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Tax Planning

When you outgrow the "fast food" of tax services and are ready for tax strategy, Richardson & Associates can help you. We can help you plan for the future and review your previous returns.

 We act as your personal tax advisor and are dedicated to making sure you make sound personal and business decisions tax wise. Whatever you need to do, whether you need to sell your home or purchase new facilities for your business, we are always by your side to advise you on your tax matters. 

 We also conduct high-quality tax research for our clients at an affordable rate to identify tax risks and savings opportunities and develop strategies to ensure tax optimization.

Tax Saving Tips

As we approach year end, you have limited time to do some year-end tax planning but it is still not too late! Just act fast and follow some great tax saving tips from Richardson & Associates Tax team to maximize your tax savings. Always remember we are “Accounting for Your Success”®!

Accelerate Income and Maximize Deductions

Accelerating income is an especially good idea for taxpayers who anticipate being in a higher tax bracket next year or whose earnings are close to threshold amounts that make them liable for additional Medicare tax of 0.9% on their tax returns.

Here are some great examples/ tax saving tips to accelerate income.

  • If you're self-employed, you can send invoices or bills to clients or customers this year in order to be paid in full by the end of December.
  • If you are expecting a bonus at year-end, try to get it before December 31.

In the meantime, you can do the following to maximize tax deductions if your tax bracket is expected to be higher in 2016:

  • Pay a state estimated tax installment in December instead of at the January due date.
  • Pay your entire property tax bill, including installments due in year 2016, by year-end.
  • Try to group "threshold" expenses, such as medical expenses and miscellaneous itemized deductions. For example, you might pay medical bills and dues and subscriptions in whichever year they would do you the most tax good.

Strategize Tuition Payments

The American Opportunity Tax Credit, which offsets higher education expenses, was extended to the end of 2017. It may be beneficial to pay 2016 tuition in 2014 to take full advantage of this tax credit, which is up to $2,500 per student.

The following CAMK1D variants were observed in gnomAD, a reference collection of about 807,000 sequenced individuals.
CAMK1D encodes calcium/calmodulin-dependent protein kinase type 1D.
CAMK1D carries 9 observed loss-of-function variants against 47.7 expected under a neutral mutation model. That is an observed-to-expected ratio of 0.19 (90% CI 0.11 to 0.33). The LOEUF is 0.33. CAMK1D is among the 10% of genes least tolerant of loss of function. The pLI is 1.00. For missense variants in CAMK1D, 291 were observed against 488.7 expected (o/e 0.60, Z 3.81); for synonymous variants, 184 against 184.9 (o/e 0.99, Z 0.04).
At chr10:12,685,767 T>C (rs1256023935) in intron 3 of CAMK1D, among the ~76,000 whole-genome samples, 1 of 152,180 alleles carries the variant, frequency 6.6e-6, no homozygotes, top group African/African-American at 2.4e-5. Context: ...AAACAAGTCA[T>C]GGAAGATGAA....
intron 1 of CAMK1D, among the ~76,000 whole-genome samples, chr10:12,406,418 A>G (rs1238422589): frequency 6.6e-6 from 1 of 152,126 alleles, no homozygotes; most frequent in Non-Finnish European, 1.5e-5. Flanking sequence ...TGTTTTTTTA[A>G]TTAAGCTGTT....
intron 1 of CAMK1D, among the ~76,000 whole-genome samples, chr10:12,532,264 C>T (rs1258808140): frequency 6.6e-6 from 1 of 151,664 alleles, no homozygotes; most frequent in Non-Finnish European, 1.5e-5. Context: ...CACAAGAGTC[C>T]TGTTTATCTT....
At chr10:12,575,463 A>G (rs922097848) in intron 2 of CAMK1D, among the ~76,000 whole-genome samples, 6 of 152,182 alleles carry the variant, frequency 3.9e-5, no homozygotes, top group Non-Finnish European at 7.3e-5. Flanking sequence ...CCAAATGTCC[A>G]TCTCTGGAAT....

Investment Gains and Losses

Starting in 2013, a 3.8 percent Net Investment Income Tax is applied to investment income such as long-term capital gains for earners above certain threshold amounts. This is something to think about as you plan your long term investments. For example, taxpayers below threshold might want to take gains; whereas taxpayers above threshold amounts might want to take losses.

You might also minimize taxes on investments by tring to avoid short-term capital gains, which are usually taxed at a much higher tax rate than long-term gains. If your tax bracket is either 10% or 15%, then you might want to take advantage of the zero percent tax rate on qualified dividends and long-term capital gains. If you fall into the highest tax bracket (39.6%), the maximum tax rate on long-term capital gains is capped at 20% for tax year 2013 and beyond.

Maximize Retirement Plan Contributions

  • If you own a business, consider setting up a retirement plan if you don't already have one. (It doesn't need to actually be funded until you pay your taxes, but allowable contributions will be deductible on this year's return.
  • If you are an employee and your employer has a 401(k), contribute the maximum amount, plus an additional catch up contribution of $5,500 if age 50 or over.
  • If you are employed or self-employed with no retirement plan, you can make a deductible contribution of up to $5,500 a year to a traditional IRA (deduction is sometimes allowed even if you have a plan). Further, there is also an additional catch up contribution of $1,000 if age 50 or over.

Year-End Giving To Reduce Your Potential Estate Tax

  • Charitable contributions. Making cash or non-cash charitable donations is going to increase your Schedule A deduction so that you could take itemized deduction for your tax instead of standard deduction.

  • Gift Tax. For many, sound estate planning begins with lifetime gifts to family members. In other words, gifts that reduce the donor's assets subject to future estate tax. Such gifts should be made at year-end, during the holiday season, in ways that qualify for exemption from federal gift tax. Gifts to a donee are exempt from the gift tax for amounts up to $14,000 a year per donee.

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